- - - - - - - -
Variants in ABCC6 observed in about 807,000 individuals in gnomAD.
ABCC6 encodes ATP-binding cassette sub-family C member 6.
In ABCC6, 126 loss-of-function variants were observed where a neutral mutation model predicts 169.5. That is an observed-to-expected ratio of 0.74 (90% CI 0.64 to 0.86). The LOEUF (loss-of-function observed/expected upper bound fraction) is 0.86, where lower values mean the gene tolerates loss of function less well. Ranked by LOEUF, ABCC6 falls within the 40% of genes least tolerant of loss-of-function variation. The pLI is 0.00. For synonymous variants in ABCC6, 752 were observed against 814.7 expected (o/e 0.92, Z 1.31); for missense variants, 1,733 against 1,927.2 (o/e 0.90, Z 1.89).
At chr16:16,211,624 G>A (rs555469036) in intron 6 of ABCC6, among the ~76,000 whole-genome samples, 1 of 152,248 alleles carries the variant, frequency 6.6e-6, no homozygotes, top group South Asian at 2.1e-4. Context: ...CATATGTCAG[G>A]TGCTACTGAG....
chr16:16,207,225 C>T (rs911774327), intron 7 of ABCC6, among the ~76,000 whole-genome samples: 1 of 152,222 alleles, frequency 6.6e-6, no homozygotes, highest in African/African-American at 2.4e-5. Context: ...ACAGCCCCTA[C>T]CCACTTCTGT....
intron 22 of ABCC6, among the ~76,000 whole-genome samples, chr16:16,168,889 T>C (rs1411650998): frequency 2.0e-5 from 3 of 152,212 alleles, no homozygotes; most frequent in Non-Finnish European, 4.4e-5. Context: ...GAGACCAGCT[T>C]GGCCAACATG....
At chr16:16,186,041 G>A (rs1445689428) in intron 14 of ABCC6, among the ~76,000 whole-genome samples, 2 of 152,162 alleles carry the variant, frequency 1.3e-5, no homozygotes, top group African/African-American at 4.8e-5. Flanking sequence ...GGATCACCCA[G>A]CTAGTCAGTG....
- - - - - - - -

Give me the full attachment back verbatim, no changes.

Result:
Variants in ABCC6 observed in about 807,000 individuals in gnomAD.
ABCC6 encodes ATP-binding cassette sub-family C member 6.
In ABCC6, 126 loss-of-function variants were observed where a neutral mutation model predicts 169.5. That is an observed-to-expected ratio of 0.74 (90% CI 0.64 to 0.86). The LOEUF (loss-of-function observed/expected upper bound fraction) is 0.86, where lower values mean the gene tolerates loss of function less well. Ranked by LOEUF, ABCC6 falls within the 40% of genes least tolerant of loss-of-function variation. The pLI is 0.00. For synonymous variants in ABCC6, 752 were observed against 814.7 expected (o/e 0.92, Z 1.31); for missense variants, 1,733 against 1,927.2 (o/e 0.90, Z 1.89).
At chr16:16,211,624 G>A (rs555469036) in intron 6 of ABCC6, among the ~76,000 whole-genome samples, 1 of 152,248 alleles carries the variant, frequency 6.6e-6, no homozygotes, top group South Asian at 2.1e-4. Context: ...CATATGTCAG[G>A]TGCTACTGAG....
chr16:16,207,225 C>T (rs911774327), intron 7 of ABCC6, among the ~76,000 whole-genome samples: 1 of 152,222 alleles, frequency 6.6e-6, no homozygotes, highest in African/African-American at 2.4e-5. Context: ...ACAGCCCCTA[C>T]CCACTTCTGT....
intron 22 of ABCC6, among the ~76,000 whole-genome samples, chr16:16,168,889 T>C (rs1411650998): frequency 2.0e-5 from 3 of 152,212 alleles, no homozygotes; most frequent in Non-Finnish European, 4.4e-5. Context: ...GAGACCAGCT[T>C]GGCCAACATG....
At chr16:16,186,041 G>A (rs1445689428) in intron 14 of ABCC6, among the ~76,000 whole-genome samples, 2 of 152,162 alleles carry the variant, frequency 1.3e-5, no homozygotes, top group African/African-American at 4.8e-5. Flanking sequence ...GGATCACCCA[G>A]CTAGTCAGTG....